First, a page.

The ability to form fine droplets and a feathered spray are principle reasons why air sprays are used instead of airless sprays to apply high quality coatings. The air spray technique accomplishes this by using a large amount of compressed air. However, in contrast, it is well known that the airless spray technique, because it uses no compressed air, deposits the coating composition much more efficiently onto the substrate, that is, it has higher transfer efficiency. Therefore, while it is desirable to utilize airless spray techniques to obtain higher transfer efficiencies, its use is limited to applying low quality coatings because it characteristically does not provide a feathered spray or fine atomization.
Air-assisted airless spray combines features of air spray and airless spray, with intermediate results. It uses both compressed air and high pressure drop across the orifice to atomize the coating composition and to shape the liquid spray, typically under milder conditions than each type of atomization is generated by itself. The air assist helps to atomize the liquid film and to smooth out the spray to give a more uniform fan pattern. Generally, the compressed air pressure and the air flow rate are lower than for air spray. Liquid spray pressures typically range from 200 to 800 psi. However, like an air spray, air-assisted airless spray requires a relatively low viscosity, typically below 100 centipoise, and therefore uses a high concentration of organic solvents. The compressed air usage also typically produces lower transfer efficiency than with airless spray.
As disclosed in the aforementioned patent applications, it has been discovered that supercritical fluids or subcritical compressed fluids are not only effective viscosity reducers, but they can also remedy the defects of the airless spray process by creating vigorous decompressive atomization by a new airless spray atomization mechanism, which can produce the fine droplet size and feathered spray needed to apply high quality coatings.
In the spray application of coatings using supercritical fluids or subcritical compressed fluids such as carbon dioxide, the large concentration of carbon dioxide dissolved in the coating composition produces a liquid spray mixture that has markedly different properties from conventional coating compositions. In particular, the liquid spray mixture is highly compressible, that is, the density changes markedly with changes in pressure, whereas conventional coating compositions are incompressible liquids when they are sprayed.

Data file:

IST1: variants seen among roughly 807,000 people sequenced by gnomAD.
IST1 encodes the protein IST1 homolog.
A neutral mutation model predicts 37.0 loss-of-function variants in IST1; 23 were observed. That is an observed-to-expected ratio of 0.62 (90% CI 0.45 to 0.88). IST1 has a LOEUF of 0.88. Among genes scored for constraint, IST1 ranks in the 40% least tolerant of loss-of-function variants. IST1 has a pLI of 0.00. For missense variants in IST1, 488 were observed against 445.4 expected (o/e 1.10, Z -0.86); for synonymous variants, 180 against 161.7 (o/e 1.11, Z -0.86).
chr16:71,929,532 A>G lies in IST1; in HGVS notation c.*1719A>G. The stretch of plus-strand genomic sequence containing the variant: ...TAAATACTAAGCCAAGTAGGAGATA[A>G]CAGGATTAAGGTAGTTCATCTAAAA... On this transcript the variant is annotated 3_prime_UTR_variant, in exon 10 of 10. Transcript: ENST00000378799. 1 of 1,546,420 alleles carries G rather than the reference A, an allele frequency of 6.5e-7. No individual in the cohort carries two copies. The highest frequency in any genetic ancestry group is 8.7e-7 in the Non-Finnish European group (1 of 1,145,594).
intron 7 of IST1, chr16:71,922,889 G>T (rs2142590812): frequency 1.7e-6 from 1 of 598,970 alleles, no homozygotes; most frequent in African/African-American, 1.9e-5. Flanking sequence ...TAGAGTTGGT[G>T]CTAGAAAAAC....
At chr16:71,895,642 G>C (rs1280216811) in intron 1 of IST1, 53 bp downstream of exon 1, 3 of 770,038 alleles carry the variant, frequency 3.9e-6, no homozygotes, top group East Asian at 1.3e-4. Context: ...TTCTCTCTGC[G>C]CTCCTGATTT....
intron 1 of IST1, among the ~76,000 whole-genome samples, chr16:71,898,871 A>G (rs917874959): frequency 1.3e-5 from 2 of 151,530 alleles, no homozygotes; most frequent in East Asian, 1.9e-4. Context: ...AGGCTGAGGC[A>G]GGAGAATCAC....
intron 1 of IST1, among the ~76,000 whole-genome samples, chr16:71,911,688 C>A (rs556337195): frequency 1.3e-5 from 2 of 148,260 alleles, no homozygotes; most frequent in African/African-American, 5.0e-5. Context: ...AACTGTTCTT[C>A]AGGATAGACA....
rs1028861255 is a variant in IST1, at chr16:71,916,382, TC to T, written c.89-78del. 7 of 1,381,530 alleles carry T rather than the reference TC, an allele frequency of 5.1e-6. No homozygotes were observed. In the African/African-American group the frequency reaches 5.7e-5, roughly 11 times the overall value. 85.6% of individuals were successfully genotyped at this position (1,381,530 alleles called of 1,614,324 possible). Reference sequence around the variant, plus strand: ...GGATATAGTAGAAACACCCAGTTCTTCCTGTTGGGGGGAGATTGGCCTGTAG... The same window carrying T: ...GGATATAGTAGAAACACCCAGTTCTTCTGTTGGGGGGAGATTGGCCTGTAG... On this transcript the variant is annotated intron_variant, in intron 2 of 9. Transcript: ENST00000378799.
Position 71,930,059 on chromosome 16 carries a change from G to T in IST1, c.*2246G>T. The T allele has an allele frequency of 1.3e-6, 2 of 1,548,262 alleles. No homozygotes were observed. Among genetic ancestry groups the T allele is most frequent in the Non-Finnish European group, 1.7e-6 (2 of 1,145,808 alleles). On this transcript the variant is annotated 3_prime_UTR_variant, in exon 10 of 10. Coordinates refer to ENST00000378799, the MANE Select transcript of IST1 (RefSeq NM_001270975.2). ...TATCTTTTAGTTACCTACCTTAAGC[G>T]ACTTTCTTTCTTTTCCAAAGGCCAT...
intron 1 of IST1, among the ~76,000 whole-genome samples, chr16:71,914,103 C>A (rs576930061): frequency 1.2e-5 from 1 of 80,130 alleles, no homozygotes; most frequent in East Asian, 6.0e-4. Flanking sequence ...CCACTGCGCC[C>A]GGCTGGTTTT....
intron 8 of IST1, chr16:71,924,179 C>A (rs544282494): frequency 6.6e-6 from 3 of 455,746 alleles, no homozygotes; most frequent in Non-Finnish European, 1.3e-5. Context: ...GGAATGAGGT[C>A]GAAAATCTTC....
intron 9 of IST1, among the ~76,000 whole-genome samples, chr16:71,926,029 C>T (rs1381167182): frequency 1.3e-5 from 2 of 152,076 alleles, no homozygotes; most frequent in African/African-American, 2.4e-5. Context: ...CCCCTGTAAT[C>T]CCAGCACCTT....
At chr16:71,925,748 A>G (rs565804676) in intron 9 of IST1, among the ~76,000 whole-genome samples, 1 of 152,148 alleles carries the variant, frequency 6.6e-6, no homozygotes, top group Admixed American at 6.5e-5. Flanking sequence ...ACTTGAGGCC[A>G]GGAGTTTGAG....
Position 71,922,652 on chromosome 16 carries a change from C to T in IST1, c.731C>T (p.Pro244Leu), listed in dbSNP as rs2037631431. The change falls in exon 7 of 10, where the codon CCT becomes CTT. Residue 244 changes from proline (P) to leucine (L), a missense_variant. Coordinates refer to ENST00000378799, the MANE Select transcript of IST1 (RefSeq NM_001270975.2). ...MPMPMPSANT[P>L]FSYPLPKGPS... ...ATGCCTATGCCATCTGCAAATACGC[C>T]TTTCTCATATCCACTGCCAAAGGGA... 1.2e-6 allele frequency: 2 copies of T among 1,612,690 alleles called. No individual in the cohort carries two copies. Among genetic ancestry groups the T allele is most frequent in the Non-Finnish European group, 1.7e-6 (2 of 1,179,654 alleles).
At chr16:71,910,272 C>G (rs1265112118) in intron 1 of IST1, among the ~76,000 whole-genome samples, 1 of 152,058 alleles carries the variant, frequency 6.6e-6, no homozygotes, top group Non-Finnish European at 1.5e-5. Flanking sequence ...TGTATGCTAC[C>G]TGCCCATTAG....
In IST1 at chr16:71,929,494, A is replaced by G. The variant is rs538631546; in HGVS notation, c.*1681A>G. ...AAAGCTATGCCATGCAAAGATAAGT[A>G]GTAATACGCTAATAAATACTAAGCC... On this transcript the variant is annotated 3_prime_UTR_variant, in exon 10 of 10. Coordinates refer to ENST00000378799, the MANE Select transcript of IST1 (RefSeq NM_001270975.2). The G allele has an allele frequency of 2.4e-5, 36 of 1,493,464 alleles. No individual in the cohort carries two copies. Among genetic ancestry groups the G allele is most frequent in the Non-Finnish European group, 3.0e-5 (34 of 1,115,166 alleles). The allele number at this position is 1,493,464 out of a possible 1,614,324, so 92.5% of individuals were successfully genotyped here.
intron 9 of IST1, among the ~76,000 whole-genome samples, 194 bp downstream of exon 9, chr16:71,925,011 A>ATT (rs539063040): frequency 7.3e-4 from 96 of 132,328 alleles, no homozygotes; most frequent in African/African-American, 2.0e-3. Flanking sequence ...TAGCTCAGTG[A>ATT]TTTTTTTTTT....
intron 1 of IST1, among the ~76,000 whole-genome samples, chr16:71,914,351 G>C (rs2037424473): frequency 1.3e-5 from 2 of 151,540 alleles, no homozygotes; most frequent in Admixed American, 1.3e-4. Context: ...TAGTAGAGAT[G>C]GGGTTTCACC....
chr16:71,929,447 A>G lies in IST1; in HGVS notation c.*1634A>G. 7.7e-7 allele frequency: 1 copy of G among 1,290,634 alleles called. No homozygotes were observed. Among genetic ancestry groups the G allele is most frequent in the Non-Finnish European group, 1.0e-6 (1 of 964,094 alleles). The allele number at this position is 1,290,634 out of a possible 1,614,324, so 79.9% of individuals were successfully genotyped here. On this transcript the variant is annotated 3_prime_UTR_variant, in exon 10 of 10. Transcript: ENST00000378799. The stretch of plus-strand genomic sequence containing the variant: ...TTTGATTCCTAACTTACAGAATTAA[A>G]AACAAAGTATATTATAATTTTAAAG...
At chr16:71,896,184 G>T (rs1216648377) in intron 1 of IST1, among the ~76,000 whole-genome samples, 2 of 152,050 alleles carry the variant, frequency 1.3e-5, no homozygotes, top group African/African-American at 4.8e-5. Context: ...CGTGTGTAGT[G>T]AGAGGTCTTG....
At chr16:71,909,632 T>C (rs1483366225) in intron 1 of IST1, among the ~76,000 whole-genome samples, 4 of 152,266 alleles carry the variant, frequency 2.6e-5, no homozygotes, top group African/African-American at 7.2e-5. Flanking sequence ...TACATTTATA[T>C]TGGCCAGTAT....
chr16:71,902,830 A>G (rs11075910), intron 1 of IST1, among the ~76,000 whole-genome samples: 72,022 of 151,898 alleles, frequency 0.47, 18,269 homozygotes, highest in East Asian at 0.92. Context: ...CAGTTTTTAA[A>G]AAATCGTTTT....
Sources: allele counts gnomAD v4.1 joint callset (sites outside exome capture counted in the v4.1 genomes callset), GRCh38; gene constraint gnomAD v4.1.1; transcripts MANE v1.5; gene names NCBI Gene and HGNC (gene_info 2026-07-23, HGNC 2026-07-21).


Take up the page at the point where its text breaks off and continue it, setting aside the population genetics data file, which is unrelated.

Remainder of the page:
Without wishing to be bound by theory, it is believed that vigorous decompressive atomization can be produced by the dissolved carbon dioxide suddenly becoming exceedingly supersaturated as the spray mixture leaves the nozzle and experiences a sudden and large drop in pressure. This creates a very large driving force for gasification of the carbon dioxide, which overwhelms the cohesion surface tension, and viscous forces that oppose atomization and normally bind the fluid flow together into a fishtail type of spray.
A different atomization mechanism is evident because atomization occurs right at the spray orifice instead of away from it as is conventional. Atomization is believed to be due not to the break-up of a liquid film from shear with the surrounding air, but instead, to the expansive forces of the compressible spray solution created by the carbon dioxide. Therefore, no liquid film is visible coming out of the nozzle.
Furthermore, because the spray is no longer bound by cohesion and surface tension forces, it leaves the nozzle at a much wider angle than normal airless sprays and produces a "feathered" spray with tapered edges like an air spray. This produces a rounded, parabolic-shaped spray fan instead of the sharp angular fans typical of conventional airless sprays. The spray also typically has a much wider fan width than conventional airless sprays produced by the same spray tip. As used herein, the terms "decompressive atomization" and "decompressive spray" each refer to a spray, spray fan, or spray pattern that has the preceding characteristics.
Laser light scattering measurements and comparative spray tests show that decompressive atomization can produce fine droplets that are in the same size range as air spray systems instead of the coarse droplets produced by normal airless sprays. These fine droplets are ideal for minimizing orange peel and other surface defects commonly associated with spray application. This fine particle size provides ample surface area for the dissolved carbon dioxide to very rapidly diffuse from the droplets within a short distance from the spray nozzle. The coating is therefore essentially free of carbon dioxide before it is deposited onto the substrate.
However, one problem we have noticed when spraying coating formulations with supercritical fluids or subcritical compressed fluids is the high average velocity of the spray. This produces a spray of fine droplets which may have excessively high momentum which causes a portion of the spray to be deflected sideways when the spray impacts upon a substrate. This may reduce transfer efficiency and make electrostatic attraction less effective. Consequently, this detracts from the previously described benefits derived from diluting coating formulations with supercritical fluids or subcritical compressed fluids and spraying the admixture onto a substrate. However, because the decompressive atomization mechanism does not depend upon spraying a coherent liquid out of the spray orifice at high velocity to create high shear with surrounding air, we have discovered that maintaining a sufficiently high velocity is no longer a critical design criterion for the spray tip.